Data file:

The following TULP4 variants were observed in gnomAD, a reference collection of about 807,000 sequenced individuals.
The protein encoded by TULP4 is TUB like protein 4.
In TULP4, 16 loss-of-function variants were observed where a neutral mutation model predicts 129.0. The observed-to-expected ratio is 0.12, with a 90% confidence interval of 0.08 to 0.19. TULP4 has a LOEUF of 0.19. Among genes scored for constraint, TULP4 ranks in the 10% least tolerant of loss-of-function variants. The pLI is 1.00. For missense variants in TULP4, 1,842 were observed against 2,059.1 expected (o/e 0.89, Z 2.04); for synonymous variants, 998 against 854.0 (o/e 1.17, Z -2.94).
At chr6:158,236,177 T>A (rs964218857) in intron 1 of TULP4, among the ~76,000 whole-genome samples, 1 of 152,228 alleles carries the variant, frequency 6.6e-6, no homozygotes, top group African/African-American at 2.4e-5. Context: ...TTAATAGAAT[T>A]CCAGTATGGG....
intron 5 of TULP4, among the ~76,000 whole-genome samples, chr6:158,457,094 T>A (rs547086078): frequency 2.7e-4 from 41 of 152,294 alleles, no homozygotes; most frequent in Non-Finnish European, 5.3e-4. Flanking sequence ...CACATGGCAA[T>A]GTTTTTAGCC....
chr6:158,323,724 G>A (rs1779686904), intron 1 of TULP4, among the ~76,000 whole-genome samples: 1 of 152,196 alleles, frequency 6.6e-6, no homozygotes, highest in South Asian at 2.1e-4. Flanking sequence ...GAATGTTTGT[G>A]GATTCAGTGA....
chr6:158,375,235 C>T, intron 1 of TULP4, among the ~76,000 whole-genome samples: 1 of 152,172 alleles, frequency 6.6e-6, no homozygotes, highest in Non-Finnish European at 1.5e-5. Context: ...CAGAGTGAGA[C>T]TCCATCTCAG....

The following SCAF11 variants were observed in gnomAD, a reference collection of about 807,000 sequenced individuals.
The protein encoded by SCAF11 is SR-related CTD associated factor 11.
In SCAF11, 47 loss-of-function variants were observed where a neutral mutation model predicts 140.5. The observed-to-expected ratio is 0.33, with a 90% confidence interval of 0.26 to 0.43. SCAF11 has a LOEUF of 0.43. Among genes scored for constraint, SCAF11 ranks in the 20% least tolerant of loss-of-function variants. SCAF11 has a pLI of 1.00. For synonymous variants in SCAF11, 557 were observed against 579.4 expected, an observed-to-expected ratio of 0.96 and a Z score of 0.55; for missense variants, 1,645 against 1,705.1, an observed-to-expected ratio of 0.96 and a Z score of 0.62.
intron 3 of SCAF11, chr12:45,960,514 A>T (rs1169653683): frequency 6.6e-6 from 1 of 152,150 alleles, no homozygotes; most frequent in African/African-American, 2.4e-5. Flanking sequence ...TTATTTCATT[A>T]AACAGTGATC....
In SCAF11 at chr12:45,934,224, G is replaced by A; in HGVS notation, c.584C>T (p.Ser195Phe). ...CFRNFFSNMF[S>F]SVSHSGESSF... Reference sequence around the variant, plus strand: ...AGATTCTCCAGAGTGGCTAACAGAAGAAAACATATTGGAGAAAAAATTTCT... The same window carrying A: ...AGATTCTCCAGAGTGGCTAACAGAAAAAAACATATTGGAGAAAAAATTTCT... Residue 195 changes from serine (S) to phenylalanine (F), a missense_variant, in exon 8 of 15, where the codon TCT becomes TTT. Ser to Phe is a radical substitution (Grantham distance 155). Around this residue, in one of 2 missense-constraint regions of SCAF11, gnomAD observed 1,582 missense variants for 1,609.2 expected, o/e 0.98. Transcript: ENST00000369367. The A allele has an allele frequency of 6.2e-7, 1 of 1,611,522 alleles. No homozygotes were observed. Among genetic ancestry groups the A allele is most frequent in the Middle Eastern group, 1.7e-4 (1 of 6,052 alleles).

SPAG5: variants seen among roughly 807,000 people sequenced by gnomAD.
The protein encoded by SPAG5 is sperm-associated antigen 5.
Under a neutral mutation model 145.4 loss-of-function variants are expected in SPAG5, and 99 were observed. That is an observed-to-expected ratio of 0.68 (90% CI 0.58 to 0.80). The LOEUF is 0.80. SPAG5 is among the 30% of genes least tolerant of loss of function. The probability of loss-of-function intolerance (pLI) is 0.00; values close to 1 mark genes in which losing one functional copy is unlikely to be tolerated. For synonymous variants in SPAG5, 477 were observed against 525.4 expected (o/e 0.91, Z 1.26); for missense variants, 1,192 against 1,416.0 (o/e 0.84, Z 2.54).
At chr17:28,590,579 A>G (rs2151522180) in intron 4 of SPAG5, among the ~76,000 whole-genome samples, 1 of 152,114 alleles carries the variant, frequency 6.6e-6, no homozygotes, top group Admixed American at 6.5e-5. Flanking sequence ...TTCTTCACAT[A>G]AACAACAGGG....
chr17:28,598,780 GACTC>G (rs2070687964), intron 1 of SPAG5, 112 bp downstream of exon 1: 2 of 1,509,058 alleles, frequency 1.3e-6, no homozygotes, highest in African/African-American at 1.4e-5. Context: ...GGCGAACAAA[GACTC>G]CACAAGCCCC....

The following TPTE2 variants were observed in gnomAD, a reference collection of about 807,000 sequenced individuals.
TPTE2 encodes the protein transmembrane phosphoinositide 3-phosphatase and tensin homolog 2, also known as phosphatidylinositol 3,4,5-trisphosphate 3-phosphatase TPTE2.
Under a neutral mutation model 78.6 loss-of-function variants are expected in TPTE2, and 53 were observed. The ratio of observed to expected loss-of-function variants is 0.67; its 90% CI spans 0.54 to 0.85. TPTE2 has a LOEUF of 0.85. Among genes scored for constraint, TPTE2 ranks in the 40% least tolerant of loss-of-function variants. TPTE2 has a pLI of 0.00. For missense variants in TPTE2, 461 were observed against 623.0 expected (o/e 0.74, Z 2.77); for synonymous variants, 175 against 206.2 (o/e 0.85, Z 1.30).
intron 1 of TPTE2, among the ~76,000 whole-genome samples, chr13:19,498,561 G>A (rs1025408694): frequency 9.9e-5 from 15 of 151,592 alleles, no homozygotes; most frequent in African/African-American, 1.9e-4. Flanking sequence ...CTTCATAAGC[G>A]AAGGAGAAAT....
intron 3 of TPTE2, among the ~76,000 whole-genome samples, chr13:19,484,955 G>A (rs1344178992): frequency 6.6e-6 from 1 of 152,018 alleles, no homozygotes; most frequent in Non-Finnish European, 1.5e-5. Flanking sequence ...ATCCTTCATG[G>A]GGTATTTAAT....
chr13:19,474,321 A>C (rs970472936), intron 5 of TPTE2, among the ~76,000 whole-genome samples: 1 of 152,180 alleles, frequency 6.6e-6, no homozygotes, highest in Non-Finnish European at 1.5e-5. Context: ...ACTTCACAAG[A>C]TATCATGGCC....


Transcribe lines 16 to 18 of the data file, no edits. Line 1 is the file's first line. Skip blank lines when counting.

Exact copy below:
At chr17:28,590,579 A>G (rs2151522180) in intron 4 of SPAG5, among the ~76,000 whole-genome samples, 1 of 152,114 alleles carries the variant, frequency 6.6e-6, no homozygotes, top group Admixed American at 6.5e-5. Flanking sequence ...TTCTTCACAT[A>G]AACAACAGGG....
chr17:28,598,780 GACTC>G (rs2070687964), intron 1 of SPAG5, 112 bp downstream of exon 1: 2 of 1,509,058 alleles, frequency 1.3e-6, no homozygotes, highest in African/African-American at 1.4e-5. Context: ...GGCGAACAAA[GACTC>G]CACAAGCCCC....

The following TPTE2 variants were observed in gnomAD, a reference collection of about 807,000 sequenced individuals.